By Lori Bredemeyer, Managing Editor
Two former members of the House of Representatives will visit campus March 14 and 15 as part of the Congress to Campus Program. Harry Volkmer, D-Missouri, and Robert W. Daniel Jr., R-Virginia, will speak to several classes and student groups and to two Abilene Kiwanis Clubs during their stay.
The Congress to Campus Program coordinates with schools to send ex-Congress members to colleges and universities for two-and-a-half days to share their experiences and promote careers in public service. The university participated in the program once before when Rep. David R. Minge, D-Minnesota, and Rep. George Wortley, R-New York, visited in the spring of 2003.
Dr. David Dillman, professor of political science, said the students and faculty can all learn something from the men.
“We need to have some better understanding of Congress,” he said. “We don’t elect our judges at the federal level. We have an electoral college for president; we don’t directly elect the president. But we directly elect these guys, so this is our most democratic institution, and we get the chance to learn more about it.”
The U.S. Association of Former Members of Congress formed the Congress to Campus Program in 1976, and the Center for Democracy and Citizenship and the Stennis Center for Public Service are also partners in the program, according to the CCP Web site.
The site says members speak about their time in Congress, “bringing to life … the theory and the practice of democracy.”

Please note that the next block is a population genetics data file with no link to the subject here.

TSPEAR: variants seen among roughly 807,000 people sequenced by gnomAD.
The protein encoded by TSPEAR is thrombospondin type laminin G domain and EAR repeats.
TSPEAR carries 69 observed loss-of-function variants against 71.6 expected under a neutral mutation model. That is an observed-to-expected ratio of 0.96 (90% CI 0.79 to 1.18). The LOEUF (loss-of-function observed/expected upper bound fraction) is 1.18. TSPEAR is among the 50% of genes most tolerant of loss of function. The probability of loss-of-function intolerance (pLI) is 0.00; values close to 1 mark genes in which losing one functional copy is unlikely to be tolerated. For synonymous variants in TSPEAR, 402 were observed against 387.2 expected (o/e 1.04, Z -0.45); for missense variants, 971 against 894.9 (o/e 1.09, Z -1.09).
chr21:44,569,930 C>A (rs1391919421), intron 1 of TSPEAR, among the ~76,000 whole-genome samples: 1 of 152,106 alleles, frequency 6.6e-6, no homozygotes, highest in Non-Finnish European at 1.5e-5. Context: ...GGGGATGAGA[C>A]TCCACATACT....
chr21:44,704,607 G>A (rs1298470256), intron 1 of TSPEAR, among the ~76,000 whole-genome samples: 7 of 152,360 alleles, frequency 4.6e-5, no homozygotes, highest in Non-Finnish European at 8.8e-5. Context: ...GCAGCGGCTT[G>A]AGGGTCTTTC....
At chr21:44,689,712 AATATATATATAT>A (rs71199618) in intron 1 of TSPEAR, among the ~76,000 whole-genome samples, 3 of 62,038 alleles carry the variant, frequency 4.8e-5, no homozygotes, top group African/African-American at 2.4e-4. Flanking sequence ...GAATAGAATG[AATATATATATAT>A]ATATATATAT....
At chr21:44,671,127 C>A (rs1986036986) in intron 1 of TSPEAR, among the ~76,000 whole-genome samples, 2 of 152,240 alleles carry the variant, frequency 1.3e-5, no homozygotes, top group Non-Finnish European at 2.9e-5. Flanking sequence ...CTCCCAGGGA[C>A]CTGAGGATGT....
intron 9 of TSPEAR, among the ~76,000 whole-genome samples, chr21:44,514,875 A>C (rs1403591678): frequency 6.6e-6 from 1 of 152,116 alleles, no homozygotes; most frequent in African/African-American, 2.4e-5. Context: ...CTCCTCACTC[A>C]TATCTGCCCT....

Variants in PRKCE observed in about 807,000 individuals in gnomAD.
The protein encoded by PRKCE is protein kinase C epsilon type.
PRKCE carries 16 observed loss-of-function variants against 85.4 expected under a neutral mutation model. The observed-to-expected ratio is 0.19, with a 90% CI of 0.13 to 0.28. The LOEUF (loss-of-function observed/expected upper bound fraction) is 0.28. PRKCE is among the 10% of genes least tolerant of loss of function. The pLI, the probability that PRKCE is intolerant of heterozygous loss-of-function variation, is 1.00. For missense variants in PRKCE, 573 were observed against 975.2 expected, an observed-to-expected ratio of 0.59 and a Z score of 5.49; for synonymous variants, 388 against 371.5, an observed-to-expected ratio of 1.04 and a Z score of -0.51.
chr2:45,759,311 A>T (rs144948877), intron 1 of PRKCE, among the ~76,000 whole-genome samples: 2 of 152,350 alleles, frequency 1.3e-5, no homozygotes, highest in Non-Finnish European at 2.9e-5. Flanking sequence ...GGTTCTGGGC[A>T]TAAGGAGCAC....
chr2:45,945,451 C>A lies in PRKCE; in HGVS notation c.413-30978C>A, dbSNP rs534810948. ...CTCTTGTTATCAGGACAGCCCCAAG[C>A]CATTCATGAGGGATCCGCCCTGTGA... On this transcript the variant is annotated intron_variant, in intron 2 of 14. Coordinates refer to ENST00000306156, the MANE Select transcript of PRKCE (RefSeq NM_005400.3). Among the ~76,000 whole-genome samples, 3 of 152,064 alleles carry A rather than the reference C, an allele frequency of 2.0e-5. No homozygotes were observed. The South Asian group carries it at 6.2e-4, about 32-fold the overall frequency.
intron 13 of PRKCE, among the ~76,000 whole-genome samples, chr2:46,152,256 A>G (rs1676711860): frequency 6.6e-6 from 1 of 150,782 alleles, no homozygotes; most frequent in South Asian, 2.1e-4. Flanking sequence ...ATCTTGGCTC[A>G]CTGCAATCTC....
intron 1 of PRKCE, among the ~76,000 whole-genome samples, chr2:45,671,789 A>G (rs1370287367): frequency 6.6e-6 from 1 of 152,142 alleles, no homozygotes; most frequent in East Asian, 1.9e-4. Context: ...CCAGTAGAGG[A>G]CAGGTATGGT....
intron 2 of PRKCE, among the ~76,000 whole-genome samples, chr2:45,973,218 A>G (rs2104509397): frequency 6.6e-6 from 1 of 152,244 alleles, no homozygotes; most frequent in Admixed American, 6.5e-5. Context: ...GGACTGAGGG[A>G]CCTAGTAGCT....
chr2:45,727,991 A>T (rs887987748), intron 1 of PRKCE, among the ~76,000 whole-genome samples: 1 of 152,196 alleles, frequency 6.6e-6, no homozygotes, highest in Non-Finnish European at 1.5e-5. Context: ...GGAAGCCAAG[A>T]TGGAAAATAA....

“They present a living, bipartisan demonstration of what ought to typify our representative system … [and] they give students and faculty an authentic and candid ‘insiders’ look at the workings of American government and politics.”
Dillman said although the congressmen probably will be of most interest to political science majors and classes, their scope is not limited to that field, and they’ll also be speaking to journalism classes, Lynay and Jack Pope Fellows, among others.
Volkmer served on the House Agriculture Committee, the House Science and Technology Committee, the Space Subcommittee, and authored the Firearm Owners Protection Act, according to his biography.
After leaving Congress in 1976, he served as a leader for the National Commission on Small Farms and the National Rifle Association.
Daniel served on the House Armed Service Committee, the subcommittees on Investigations, Research and Development, Intelligence, and Nuclear Weapons and also instructed economics courses at the University of Richmond Business School, according to his resume. He left Congress in 1982 and has since owned and operated Brandon Plantation in Virginia.
“I think for political science-types, it’s just interesting to talk to former members,” Dillman said. “… But these guys have a wide variety of interests, and together, they cover a pretty wide span.
“It’s just a chance for students and faculty to spend a little bit of time with some people who are well-informed and to ask questions.”
Dillman said the congressmen will also meet with students individually to discuss careers in public service, and students can contact the Political Science Office for more information.